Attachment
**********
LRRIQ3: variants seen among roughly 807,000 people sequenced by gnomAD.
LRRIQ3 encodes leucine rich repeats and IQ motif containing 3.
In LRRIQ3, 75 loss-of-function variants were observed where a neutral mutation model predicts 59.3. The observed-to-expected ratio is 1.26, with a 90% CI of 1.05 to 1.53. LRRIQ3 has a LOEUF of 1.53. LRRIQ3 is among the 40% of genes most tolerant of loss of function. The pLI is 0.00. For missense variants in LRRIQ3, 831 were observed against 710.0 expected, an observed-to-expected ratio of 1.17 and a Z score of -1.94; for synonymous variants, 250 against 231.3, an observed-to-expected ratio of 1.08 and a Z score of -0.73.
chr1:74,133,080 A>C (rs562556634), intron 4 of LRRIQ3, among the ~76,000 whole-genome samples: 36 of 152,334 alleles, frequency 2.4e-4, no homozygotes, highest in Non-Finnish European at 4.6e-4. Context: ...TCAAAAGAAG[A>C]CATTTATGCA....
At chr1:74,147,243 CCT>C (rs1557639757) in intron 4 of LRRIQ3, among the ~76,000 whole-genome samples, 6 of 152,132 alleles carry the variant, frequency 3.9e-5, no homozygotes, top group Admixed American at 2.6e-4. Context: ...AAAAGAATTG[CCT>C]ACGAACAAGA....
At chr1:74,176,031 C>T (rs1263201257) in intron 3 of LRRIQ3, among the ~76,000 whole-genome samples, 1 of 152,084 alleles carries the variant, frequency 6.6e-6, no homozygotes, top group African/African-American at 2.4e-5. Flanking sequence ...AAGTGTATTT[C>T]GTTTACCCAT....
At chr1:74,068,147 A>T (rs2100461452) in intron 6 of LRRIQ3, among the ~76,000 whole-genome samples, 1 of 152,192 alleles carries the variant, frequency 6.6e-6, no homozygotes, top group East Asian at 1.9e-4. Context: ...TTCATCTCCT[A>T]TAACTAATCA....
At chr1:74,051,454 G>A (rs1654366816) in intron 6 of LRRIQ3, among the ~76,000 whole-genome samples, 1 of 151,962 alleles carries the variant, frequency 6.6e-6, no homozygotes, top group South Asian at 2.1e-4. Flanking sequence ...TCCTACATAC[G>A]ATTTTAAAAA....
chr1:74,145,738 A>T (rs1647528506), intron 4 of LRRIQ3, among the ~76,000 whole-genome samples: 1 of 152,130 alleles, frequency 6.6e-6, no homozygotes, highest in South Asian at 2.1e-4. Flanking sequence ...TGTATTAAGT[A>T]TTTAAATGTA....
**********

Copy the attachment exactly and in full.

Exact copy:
LRRIQ3: variants seen among roughly 807,000 people sequenced by gnomAD.
LRRIQ3 encodes leucine rich repeats and IQ motif containing 3.
In LRRIQ3, 75 loss-of-function variants were observed where a neutral mutation model predicts 59.3. The observed-to-expected ratio is 1.26, with a 90% CI of 1.05 to 1.53. LRRIQ3 has a LOEUF of 1.53. LRRIQ3 is among the 40% of genes most tolerant of loss of function. The pLI is 0.00. For missense variants in LRRIQ3, 831 were observed against 710.0 expected, an observed-to-expected ratio of 1.17 and a Z score of -1.94; for synonymous variants, 250 against 231.3, an observed-to-expected ratio of 1.08 and a Z score of -0.73.
chr1:74,133,080 A>C (rs562556634), intron 4 of LRRIQ3, among the ~76,000 whole-genome samples: 36 of 152,334 alleles, frequency 2.4e-4, no homozygotes, highest in Non-Finnish European at 4.6e-4. Context: ...TCAAAAGAAG[A>C]CATTTATGCA....
At chr1:74,147,243 CCT>C (rs1557639757) in intron 4 of LRRIQ3, among the ~76,000 whole-genome samples, 6 of 152,132 alleles carry the variant, frequency 3.9e-5, no homozygotes, top group Admixed American at 2.6e-4. Context: ...AAAAGAATTG[CCT>C]ACGAACAAGA....
At chr1:74,176,031 C>T (rs1263201257) in intron 3 of LRRIQ3, among the ~76,000 whole-genome samples, 1 of 152,084 alleles carries the variant, frequency 6.6e-6, no homozygotes, top group African/African-American at 2.4e-5. Flanking sequence ...AAGTGTATTT[C>T]GTTTACCCAT....
At chr1:74,068,147 A>T (rs2100461452) in intron 6 of LRRIQ3, among the ~76,000 whole-genome samples, 1 of 152,192 alleles carries the variant, frequency 6.6e-6, no homozygotes, top group East Asian at 1.9e-4. Context: ...TTCATCTCCT[A>T]TAACTAATCA....
At chr1:74,051,454 G>A (rs1654366816) in intron 6 of LRRIQ3, among the ~76,000 whole-genome samples, 1 of 151,962 alleles carries the variant, frequency 6.6e-6, no homozygotes, top group South Asian at 2.1e-4. Flanking sequence ...TCCTACATAC[G>A]ATTTTAAAAA....
chr1:74,145,738 A>T (rs1647528506), intron 4 of LRRIQ3, among the ~76,000 whole-genome samples: 1 of 152,130 alleles, frequency 6.6e-6, no homozygotes, highest in South Asian at 2.1e-4. Flanking sequence ...TGTATTAAGT[A>T]TTTAAATGTA....